— hell! excl.
used to negate the previous sentence or phrase; esp. in a rhetorical question, implying the answer no, in a variety of excls., including those listed below; also used with different personal pronouns.
|Louisiana ‘Swamp Doctor’ (1850) 140: Love! h-ll!|
|Drama in Pokerville 193: ‘Two candles, h-ll!’ said he.|
|Smoke Bellew (1926) 160: ‘It’s part of the system.’ ‘System — hell!’.|
|Man Called Jones (1949) 69: Accident, hell. She committed suicide.|
an excl. implying resignation, acceptance.
|Blow Your House Down 107: Oh dear me, could I hell do anything with him.|
implying negation, e.g. Did I steal that car, did I hell!; similarly will I hell! = no, I certainly won’t!
|Nil Carborundum (1963) Act III: albert: Hey, Taff, will you do us a favour? taffy: Will I hell.|
an excl. of absolute rebuttal, i.e. the hell I will! no I certainly won’t/don’t!
|You’re in the Racket, Too 21: Did he remember? Did he hell!|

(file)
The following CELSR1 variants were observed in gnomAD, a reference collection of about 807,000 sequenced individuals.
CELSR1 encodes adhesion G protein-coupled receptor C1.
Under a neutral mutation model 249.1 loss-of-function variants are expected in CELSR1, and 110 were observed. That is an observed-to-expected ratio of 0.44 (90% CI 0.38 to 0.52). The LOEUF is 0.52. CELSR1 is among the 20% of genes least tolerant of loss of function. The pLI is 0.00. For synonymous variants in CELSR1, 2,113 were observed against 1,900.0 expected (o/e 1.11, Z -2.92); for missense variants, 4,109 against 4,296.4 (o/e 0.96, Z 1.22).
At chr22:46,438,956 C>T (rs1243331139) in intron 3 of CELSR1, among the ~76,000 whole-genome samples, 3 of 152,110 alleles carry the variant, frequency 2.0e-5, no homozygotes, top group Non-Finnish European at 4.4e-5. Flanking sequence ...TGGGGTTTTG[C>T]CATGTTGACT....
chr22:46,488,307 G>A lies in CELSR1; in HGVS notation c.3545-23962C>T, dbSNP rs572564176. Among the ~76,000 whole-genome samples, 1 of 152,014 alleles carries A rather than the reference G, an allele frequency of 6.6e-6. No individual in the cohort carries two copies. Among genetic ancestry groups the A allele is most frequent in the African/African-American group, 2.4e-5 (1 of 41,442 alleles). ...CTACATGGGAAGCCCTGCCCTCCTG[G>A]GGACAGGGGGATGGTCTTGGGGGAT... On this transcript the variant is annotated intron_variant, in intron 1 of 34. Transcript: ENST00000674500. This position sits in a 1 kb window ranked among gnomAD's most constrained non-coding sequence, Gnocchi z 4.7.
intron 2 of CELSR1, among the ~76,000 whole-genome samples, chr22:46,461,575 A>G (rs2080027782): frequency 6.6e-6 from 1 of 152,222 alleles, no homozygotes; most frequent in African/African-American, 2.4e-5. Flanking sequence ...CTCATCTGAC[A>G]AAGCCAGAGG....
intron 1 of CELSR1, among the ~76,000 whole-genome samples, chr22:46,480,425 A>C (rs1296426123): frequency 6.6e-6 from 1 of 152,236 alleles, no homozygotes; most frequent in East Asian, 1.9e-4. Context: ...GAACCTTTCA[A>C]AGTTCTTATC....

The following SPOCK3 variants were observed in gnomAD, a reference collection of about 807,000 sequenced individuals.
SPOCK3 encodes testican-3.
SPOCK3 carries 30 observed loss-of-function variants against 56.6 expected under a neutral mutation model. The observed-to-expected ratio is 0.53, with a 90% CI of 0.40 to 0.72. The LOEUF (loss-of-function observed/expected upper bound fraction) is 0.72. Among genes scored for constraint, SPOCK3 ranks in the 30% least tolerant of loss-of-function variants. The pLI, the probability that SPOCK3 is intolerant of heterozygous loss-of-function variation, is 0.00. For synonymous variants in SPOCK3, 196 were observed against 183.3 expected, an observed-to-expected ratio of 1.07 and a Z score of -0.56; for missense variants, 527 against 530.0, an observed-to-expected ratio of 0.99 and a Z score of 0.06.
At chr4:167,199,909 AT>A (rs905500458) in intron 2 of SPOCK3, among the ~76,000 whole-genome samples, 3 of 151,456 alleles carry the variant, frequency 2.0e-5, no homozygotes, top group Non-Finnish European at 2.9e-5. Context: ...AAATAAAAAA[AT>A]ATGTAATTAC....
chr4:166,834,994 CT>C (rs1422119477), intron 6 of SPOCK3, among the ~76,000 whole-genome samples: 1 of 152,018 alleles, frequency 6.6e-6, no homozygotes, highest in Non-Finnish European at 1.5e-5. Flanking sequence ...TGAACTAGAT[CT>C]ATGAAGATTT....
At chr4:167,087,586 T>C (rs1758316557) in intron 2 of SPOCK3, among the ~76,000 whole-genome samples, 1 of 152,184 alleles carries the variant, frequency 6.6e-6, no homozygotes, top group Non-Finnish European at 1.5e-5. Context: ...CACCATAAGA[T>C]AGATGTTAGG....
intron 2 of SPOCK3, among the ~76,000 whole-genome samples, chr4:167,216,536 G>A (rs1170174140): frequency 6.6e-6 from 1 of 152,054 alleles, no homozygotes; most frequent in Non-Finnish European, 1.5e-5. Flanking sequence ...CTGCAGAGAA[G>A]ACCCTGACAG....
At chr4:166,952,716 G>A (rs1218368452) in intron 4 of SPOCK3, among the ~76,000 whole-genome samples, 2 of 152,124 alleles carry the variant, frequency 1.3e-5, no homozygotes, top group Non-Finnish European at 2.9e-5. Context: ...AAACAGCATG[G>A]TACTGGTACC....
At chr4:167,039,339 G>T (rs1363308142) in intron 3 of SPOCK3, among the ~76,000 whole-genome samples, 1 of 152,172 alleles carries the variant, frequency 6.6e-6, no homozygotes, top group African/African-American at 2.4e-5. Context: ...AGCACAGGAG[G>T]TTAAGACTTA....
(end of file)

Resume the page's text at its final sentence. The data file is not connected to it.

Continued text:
|Awopbop. (1970) 127: But does it reflect a new black pride, does it hell?|
|Honourable Schoolboy 275: And do we go for his jugular? [...] Do we hell. We pussyfoot. We stand on the sidelines.|
|Only Fools and Horses [TV script] And does he think anything of it. No does he hell!‘Sleeping Dogs Lie’|
|Guardian Weekend 29 Jan. 7: Do they hell!|
a general phr. of aggressive dismissal, countering or negating the previous statement.
|Apprentices (1970) II i: bagley: Anybody know where the New Forest is? boswell: Wales, I think. taffy: Is it hell in Wales.|
|(con. 1920s) Liza’s England (1996) 150: ‘That child’s psychic,’ Frank said. ‘Is she hell’.|